The recipe so far (will list below) will not include almond/nut products, but will include soy, in part because the patty for the sandwich will be fried in soybean oil - in a dedicated vegan, gluten-free fryer. I had included sesame seeds because there are also sesame seeds in the patty, but the chef preferred the look without them.

 

I don't think that we generally assume that many vegans are celiac or vice versa. Rather, we had a popular vegan sandwich and had several requests for it to be gluten-free, so we are responding to those requests. It is absolutely the case that some people cannot tolerate soy or corn products; also, one member of our staff with gluten intolerance cannot eat the buns because they have rice flour. I don't think we will be able to satisfy all needs, so we're picking and choosing and went with vegan, gluten-free with the caveat of being produced in a kitchen with flour, and nut-free.

 

 

 

 

Since you are new to this I would highly recommend America's Test Kitchen "How it can be Gluten Free" . This is a great book with the research already done for you.  Invest the 20 dollars and then take what they have done and incorporate into what you are doing. They have some really great results, and everything I have made from the book has been excellent.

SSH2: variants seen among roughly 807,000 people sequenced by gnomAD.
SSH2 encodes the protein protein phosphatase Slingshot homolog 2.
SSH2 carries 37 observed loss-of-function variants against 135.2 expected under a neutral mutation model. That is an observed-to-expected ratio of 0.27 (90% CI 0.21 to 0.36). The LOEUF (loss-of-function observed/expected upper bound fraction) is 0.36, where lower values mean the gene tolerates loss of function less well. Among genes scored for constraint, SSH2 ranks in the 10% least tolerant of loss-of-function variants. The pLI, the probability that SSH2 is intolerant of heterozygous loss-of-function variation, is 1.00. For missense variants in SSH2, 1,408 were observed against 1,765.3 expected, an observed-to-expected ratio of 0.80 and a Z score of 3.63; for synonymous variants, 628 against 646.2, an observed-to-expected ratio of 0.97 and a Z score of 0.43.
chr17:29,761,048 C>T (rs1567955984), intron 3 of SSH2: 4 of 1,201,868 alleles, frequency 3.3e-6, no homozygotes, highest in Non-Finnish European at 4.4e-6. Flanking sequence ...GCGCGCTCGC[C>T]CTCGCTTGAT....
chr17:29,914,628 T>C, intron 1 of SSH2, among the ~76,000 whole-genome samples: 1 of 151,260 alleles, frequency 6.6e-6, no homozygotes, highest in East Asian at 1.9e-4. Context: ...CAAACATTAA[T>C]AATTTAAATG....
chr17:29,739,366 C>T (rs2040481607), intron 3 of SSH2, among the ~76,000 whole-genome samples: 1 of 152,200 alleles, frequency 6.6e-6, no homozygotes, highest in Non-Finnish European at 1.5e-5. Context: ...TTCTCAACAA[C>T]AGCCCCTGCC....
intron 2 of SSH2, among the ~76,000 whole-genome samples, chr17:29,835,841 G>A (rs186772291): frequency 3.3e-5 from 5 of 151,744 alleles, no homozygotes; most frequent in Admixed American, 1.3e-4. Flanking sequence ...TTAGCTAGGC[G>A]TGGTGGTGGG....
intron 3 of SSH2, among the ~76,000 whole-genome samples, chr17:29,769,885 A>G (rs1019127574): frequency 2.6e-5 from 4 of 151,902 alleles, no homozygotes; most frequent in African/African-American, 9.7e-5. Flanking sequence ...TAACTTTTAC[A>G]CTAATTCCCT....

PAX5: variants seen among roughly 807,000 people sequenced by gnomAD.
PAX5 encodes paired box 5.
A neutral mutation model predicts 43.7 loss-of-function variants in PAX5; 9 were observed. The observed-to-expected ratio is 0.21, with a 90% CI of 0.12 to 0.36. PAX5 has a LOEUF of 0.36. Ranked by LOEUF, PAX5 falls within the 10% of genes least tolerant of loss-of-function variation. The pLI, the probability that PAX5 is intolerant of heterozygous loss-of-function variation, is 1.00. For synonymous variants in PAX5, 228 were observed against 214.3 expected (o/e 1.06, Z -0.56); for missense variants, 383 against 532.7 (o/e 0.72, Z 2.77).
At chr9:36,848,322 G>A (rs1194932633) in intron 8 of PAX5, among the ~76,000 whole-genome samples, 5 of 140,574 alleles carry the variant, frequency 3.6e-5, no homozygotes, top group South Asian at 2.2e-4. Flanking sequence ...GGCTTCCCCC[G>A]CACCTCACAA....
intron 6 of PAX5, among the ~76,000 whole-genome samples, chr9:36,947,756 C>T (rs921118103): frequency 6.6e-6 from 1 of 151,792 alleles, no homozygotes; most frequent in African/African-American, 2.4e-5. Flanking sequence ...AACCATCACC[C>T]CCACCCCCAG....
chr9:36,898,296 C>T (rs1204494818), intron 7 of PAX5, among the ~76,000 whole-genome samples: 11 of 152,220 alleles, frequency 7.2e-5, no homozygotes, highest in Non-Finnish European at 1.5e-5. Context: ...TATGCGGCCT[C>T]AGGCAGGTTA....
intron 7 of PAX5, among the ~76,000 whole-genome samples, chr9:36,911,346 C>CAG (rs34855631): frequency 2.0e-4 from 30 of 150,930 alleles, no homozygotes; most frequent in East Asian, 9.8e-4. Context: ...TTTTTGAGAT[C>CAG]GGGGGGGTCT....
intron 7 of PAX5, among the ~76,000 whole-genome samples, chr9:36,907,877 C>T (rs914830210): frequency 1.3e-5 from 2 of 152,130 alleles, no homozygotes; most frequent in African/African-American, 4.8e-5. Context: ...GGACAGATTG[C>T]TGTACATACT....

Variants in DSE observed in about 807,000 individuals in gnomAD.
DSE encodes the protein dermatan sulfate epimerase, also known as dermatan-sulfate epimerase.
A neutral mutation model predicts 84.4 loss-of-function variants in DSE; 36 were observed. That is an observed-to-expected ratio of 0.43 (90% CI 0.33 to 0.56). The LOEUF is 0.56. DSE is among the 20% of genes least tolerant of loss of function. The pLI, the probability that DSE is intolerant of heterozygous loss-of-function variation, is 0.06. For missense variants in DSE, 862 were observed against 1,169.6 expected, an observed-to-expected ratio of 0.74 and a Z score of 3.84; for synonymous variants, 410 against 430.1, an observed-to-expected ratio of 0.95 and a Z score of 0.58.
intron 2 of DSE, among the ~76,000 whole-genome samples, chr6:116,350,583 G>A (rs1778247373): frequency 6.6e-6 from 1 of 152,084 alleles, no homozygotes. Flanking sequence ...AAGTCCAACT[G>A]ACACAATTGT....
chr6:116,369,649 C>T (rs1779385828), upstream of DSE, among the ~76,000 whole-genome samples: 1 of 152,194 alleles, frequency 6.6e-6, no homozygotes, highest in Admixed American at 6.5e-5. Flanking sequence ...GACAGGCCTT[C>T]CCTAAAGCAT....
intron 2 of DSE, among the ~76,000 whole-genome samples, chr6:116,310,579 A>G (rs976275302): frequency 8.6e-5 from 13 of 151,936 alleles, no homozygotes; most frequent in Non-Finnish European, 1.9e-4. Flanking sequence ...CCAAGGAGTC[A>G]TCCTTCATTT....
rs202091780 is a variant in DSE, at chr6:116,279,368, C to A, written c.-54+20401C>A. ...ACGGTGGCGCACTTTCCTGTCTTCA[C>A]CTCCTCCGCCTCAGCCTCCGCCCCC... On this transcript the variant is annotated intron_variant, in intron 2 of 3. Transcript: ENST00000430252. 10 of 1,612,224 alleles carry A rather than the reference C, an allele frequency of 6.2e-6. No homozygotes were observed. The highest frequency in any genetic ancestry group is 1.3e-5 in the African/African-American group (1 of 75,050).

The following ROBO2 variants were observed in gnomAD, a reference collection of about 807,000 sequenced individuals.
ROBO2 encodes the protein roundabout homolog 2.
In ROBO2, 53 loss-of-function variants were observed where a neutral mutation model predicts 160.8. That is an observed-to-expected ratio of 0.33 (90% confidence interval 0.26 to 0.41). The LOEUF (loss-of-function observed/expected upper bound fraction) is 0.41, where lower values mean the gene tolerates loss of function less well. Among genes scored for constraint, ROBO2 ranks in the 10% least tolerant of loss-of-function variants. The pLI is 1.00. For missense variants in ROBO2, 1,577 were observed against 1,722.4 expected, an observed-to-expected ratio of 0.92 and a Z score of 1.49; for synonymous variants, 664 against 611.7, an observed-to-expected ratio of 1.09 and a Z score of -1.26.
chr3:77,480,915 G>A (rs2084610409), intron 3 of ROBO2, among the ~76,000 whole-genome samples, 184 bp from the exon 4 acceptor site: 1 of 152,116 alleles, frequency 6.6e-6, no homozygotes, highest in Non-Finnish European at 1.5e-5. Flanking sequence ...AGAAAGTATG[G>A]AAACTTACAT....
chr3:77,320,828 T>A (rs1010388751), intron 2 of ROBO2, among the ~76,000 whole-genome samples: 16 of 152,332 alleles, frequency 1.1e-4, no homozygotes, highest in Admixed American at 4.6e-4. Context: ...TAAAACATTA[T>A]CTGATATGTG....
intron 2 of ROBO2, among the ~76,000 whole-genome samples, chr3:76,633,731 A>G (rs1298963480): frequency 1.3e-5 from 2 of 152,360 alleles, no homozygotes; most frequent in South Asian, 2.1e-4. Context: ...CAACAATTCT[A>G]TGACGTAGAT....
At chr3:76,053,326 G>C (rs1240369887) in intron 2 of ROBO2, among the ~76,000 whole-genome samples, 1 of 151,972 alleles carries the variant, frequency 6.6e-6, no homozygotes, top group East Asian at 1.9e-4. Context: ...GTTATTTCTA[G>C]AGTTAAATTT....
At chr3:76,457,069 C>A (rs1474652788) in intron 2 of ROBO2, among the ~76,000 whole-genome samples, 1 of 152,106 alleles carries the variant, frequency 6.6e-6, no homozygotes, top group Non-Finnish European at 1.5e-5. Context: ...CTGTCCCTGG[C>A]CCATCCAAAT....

Thank you for the suggestion! I will at least pick it up from the library.

 

 

 

Here is the current recipe after two test batches, having started with the Ideas in Food What IiF Flour recipe #1 as a baseline. Yield is 12 four-inch diameter buns:

 

Dry mix:

 

350g corn starch

225g white rice flour

225g tapioca starch

100g brown rice flour

100g chickpea flour

10g soy lecithin

21g salt

12g instant yeast

 

Wet:

38g ground chia seeds

200g boiling water

 

675g soy milk (room temp)

50g molasses (partly for color)

25g apple cider vinegar

100g extra virgin olive oil

 

I did the chia slurry/gel first then mixed the rest together, let it rise by about half, and used a large scoop to portion the batter into sprayed 4" creme brûlée ramekins (wide, shallow, ceramic dishes). I dipped my fingers in water to flatten and smooth the batter, then sprinkled some salt on top, proofed them until they rose a bit over the rim of the ramekins, and baked them for 20 minutes at 375^ in a non-convection oven. I also did a batch on sprayed parchment paper without the dishes to mold them, and while we are going to stick with the dishes for the sake of consistent size, those worked absolutely fine with the same wet-hand shaping.